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Betting my retirement on Avian Select Fund 2006

So that's how they stay so rich

Taxtacksshelter_1 Since efforts to deal with pending tax issues that affect simple folk like you and me are stymied, some Senators decided instead to take a crack at closing down the billion-dollar tax shelter system. Apparently a lot of America's wealthiest individuals take advantage of offshore tax havens to ensure their bank accounts stay at stratospheric levels.

And "take advantage of" is the key phrase.

Illegal tax haven schemes, according to testimony today before the Investigative Subcommittee of the Senate Homeland Security and Governmental Affairs Committee, "are undermining the integrity of the federal tax system, diverting tens of billions of dollars each year from the U.S. Treasury, and undermining U.S. law enforcement."

We're not talking a couple of hundred or thousand skimmed by inflating deductions or "forgetting" to report income. We're talking about, to quote David Cay Johnston's story in today's New York Times, "So many superrich Americans evade taxes using offshore accounts that law enforcement cannot control the growing misconduct …."

The nearly 400-page report released in conjunction with the hearing details six tax shelter case histories that variously use phony loans, billing schemes and offshore credit cards, not to mention money laundering techniques.

Some of the billionaires, including New York Jets owner Robert Wood Johnson IV, are portrayed in the report as victims.

Others, including the Wyly brothers, Texas businessmen who also are big political campaign contributors, are alleged willing participants in trying to bilk the U.S. Treasury out of lawful taxes. Seems the feds think those Texas boys got a little too wily for their own good.

The bottom line: More than $1 trillion in U.S. assets are stashed in offshore accounts, where they illegally avoid payment of as much as $70 billion in taxes each year. That translates to about 7 cents in evaded taxes for every dollar that honest taxpayers hand over to the IRS.

Cayman_islands_wide_2_1 The report calls for several changes, many of which are aimed at promoters rather than participants, to eradicate or cripple such schemes. Among the specifics:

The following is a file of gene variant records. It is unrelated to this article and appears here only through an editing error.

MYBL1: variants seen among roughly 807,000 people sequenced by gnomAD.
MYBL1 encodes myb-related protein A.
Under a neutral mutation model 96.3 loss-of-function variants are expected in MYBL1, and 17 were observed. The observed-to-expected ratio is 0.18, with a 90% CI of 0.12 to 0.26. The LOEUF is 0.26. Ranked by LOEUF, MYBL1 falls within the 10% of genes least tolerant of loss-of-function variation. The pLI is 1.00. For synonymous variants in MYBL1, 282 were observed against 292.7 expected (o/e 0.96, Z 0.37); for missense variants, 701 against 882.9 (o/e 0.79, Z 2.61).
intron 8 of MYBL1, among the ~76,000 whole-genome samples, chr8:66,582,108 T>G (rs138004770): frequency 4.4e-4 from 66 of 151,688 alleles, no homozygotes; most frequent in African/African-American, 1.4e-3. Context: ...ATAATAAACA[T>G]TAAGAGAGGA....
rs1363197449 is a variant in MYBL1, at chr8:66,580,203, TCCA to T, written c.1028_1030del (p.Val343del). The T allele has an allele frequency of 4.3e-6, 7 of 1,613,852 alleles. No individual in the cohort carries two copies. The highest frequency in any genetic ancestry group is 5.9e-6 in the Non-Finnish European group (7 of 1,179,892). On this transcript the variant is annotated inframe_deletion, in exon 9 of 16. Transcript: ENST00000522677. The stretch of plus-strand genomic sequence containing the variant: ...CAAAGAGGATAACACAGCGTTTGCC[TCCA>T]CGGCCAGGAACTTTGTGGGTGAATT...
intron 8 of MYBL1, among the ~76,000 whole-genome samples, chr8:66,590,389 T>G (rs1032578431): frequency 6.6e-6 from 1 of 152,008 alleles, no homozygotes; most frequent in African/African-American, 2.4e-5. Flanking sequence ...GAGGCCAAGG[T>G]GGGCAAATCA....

• Change U.S. tax, securities and anti-money laundering laws so that they presume offshore trusts and shell corporations are under the control of U.S. citizens rather than the jurisdiction of the tax haven nations;
  • Require publicly traded companies to disclose in SEC filings any company officer holdings of offshore assets; and
  • Identify uncooperative tax haven nations, typically island countries that promise extreme confidentially to people who do business there, and then eliminate all U.S. tax benefits for income attributed to those jurisdictions.

We'll see if, especially in the cases of alleged criminal acts, those folks realized enough in "tax savings" to pay for the high-dollar attorneys they now need to get them out of tax trouble.

Tax cheating details: Sen. Carl Levin of Michigan, ranking Democrat on the committee, spearheaded the report, which his staff spent 18 months investigating.

You can read Levin's opening statement and press release accompanying the distribution of the report.

If you prefer, hunker down with the actual full report.

Of you can get additional high points of the hearing from the aforementioned NY Times article, as well as stories in the Washington Post, Wall Street Journal and Forbes.

Not always a dirty word: The term tax shelter is not necessarily pejorative. There are many perfectly acceptable tax shelters, such as your home which affords you legal ways -- mortgage interest and property tax deductions, for example -- to keep some money out of Uncle Sam's hands.

But an abusive tax shelter is trouble. This is where the tax-saving scheme was set up simply to avoid taxes. A legitimate shelter, in the eyes of the IRS, is one you would invest in even if it didn't promise tax savings.

Basically, you're putting your money into the arrangement with realistic hopes of making more money. Any associated tax savings are just icing on the cake.

You don't have to be wealthy to get involved in a problematic shelter. And you don't have to be of a criminal mindset to buy into one either. Lots of folks who are just trying to make a little more money end up buying into bad schemes.

Just be sure that before you invest, you do your homework, including reading this Bankrate.com story that examines ways to avoid buying into an abusive tax shelter.

Tax (or "tacks") shelter image courtesy of Stumpy Originals


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